Your Office is a Super Bowl

Organizational leadership Teamwork


Put on your uniform and play tomorrow!

What’s your Super Bowl pick? Steelers or Packers? Like great sports teams, organizations must be great as a system! What position do you play on your team?  What impact do you have? Should you get a new contract? Get traded? Get cut loose?

As a former executive for a professional sports team, I’ve recognized that running a great sports franchise and any organization is very similar.  The real difference in the world of sports is that in sports/entertainment, the “product” is very visible to the public in tangible and emotional ways. The end result for the team is very clear because there is only one winner at the end of the season.  For most businesses, profit and market share is one measure of winning, but of course the emotional attachment to fans is usually not a factor (although customer attachment is hugely important).

But anyone in sports is likely to tell you that developing a winning team involves more than great talent on the field or in the arena. In the same way organizations cannot win with just a super sales team alone.  In sports the people looking after equipment, the medical/training team, the communications folks, the operations people, and ticket sales; every position in every department must be great. And in organizations, the performance of every person and department makes a big difference to the ultimate commercial and market success.  The sales team can’t sell without superb products and excellent delivery from the service department.

That’s why it is so hard for sports teams to win and repeat championships, and for organizations to stay on top. Being consistently great is much more than getting the best talent. Yet teams like the Steelers, Patriots, Packers, Yankees, Lakers, Canadiens, Manchester United, etc. (you pick ’em) win consistently year in and year out because anyone who plays any role understands the purpose and wears the “brand” with passion. A winning sports club or company represents a system that drives consistent success by numerous metrics; championships the most obvious.

  • Action: While you and I will likely never play on a professional sports team, we do play a key role on a team if we work in any organization. My belief is that if we thought of ourselves as “suiting up” to play every day, we and our organizations would perform at a higher level.  I also think we would have more fun.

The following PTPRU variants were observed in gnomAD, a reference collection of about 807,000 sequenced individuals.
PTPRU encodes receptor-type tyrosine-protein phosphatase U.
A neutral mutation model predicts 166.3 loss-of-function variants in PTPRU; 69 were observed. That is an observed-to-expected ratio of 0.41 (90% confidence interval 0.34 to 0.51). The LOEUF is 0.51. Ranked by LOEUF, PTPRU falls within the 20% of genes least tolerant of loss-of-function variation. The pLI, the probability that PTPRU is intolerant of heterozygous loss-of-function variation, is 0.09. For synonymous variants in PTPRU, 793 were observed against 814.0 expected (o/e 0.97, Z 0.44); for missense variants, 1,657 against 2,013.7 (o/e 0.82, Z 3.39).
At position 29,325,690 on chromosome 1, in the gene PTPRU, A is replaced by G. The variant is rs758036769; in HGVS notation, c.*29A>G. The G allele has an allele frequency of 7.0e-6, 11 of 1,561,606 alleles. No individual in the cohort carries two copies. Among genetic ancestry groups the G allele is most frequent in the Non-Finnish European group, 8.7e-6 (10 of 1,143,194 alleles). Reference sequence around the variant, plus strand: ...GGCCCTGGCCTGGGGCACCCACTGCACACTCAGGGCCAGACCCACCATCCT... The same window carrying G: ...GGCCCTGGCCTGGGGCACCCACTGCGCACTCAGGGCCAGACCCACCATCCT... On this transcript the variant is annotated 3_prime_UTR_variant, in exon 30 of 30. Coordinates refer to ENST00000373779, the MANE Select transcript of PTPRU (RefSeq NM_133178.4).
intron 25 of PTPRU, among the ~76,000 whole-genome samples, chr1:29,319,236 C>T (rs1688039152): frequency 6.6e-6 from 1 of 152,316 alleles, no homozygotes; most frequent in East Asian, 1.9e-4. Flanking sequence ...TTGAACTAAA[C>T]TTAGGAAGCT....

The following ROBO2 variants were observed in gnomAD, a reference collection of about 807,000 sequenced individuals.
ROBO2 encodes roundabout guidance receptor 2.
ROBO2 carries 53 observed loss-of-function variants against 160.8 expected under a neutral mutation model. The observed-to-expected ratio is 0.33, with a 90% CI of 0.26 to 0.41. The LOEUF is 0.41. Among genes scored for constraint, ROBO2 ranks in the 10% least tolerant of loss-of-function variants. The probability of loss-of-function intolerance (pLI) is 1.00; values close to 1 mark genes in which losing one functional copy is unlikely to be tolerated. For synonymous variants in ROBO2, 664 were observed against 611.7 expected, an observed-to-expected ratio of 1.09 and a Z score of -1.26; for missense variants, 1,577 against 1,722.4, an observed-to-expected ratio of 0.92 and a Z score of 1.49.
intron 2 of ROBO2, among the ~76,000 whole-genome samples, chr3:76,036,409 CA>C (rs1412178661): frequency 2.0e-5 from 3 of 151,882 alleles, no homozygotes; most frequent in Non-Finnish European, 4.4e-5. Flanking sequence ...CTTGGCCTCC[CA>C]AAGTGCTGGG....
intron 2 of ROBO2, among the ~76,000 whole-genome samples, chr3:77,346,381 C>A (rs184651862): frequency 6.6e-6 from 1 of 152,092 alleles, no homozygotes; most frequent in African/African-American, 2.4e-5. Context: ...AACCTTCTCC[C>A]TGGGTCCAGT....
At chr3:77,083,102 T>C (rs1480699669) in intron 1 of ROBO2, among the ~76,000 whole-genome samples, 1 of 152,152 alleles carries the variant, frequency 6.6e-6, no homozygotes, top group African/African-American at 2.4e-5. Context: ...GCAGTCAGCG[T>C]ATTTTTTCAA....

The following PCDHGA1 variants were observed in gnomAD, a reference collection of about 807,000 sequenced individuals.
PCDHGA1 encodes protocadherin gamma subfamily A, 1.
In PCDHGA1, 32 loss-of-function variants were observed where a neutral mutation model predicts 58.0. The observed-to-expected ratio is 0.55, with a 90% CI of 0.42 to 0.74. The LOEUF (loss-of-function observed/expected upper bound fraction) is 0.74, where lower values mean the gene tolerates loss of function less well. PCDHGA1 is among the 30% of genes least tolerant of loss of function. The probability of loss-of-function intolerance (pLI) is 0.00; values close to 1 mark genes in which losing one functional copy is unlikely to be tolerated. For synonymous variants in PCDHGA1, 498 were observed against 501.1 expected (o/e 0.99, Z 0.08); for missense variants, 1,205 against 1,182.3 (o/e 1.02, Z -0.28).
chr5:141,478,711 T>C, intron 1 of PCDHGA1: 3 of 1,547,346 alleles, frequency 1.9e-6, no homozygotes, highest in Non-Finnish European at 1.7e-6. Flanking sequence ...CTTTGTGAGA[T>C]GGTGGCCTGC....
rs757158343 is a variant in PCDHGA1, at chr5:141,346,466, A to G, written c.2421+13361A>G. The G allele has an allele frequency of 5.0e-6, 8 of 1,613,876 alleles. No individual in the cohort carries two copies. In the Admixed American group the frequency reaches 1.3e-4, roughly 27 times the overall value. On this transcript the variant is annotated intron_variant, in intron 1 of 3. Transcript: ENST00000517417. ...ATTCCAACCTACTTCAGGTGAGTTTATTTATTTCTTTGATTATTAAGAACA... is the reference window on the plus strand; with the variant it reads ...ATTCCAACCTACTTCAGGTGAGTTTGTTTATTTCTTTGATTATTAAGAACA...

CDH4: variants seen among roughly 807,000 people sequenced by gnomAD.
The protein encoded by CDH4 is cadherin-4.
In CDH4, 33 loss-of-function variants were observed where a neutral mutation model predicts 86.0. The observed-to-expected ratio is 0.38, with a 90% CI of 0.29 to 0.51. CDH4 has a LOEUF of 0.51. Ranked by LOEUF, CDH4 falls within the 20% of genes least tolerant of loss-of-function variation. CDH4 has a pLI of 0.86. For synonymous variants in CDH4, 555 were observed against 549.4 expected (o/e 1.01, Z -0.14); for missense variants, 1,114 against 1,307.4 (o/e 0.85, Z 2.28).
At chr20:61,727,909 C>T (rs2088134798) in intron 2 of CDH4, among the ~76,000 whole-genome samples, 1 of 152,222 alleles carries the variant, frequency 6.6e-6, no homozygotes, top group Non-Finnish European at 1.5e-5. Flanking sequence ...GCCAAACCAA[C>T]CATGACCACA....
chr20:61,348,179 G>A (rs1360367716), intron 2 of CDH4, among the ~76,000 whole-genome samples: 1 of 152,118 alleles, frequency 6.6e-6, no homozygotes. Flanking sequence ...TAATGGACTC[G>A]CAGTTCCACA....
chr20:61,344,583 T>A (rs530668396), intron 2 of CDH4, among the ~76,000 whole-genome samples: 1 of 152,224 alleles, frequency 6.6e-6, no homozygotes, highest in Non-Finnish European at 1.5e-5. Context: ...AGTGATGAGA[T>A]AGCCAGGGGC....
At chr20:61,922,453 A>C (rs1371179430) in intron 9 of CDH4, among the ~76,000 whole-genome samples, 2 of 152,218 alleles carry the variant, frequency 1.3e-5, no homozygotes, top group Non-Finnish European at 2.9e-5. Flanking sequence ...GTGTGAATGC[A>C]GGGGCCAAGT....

As an example, The Pittsburgh Steelers football franchise, whether you like them or not, represent a tough, grind it out, hard nosed game. They are not about finesse. They run right at you and grind out every yard. My guess is that they act like that in every aspect of the franchise. What kind of team do you play for? What does your brand represent? What kind of player are you? How do your team mates play? Could you “play” in the Steelers’ system?

Play and win in the Triangle,


You’re the Boss with Your Boss

Accountability Books Management Teamwork


Remember that you are as responsible for the relationship with your boss as he/she is with you.

Being the Boss: The Three Imperatives for Becoming a Great Leader, co-authored by Harvard professor Linda A. Hill and executive Kent Lineback, was picked by a number of critics as a 2010 superb book to read if one wants to advance their career.  The book covers three core areas:  manage yourself, manage your network, and manage your team.  There are many outstanding insights in the book and in this blog; I want to highlight one of the perspectives. Many people I have worked with complain about the shortcomings of their bosses and put most of the burden for the status of relationship on them. Professor Hill brings a view that is valuable to reflect on:

“It’s common to let the person up the chain be most responsible for whether you have a healthy relationship, but you’re equally responsible. If you don’t manage that relationship right, your team is not going to be able to do what it needs to do.

Powerlessness corrupts as much as power. You shouldn’t feel powerless with your boss. That’s not the deal. You have to figure out the sources of power you have to influence the boss. You also have to see the boss as human and fallible in all the ways that you’re human and fallible, and figure out how to deal with the reality of who that person is—rather than the ideal of what you’d like that person to be like. There are really bad bosses, and you can’t be naive or cynical about this. It’s hard to be successful with a bad boss, and sometimes success means figuring out how to get out of that situation. But before you decide that’s the deal, you need to take responsibility for the relationship, because it’s definitely two-way.

Today many people have multiple bosses, and we also discuss the challenges there. One of the most common missteps is to deal with the boss who’s closest to you physically and treat your relationship with your other boss as out of sight, out of mind. So we talk about how you have to manage the priorities between those two bosses and how to negotiate what will be your priorities, given their priorities.”

  • Action: Take honest stock of what we’re doing to improve the relationship with our boss or bosses.

Be a Boss in the Triangle,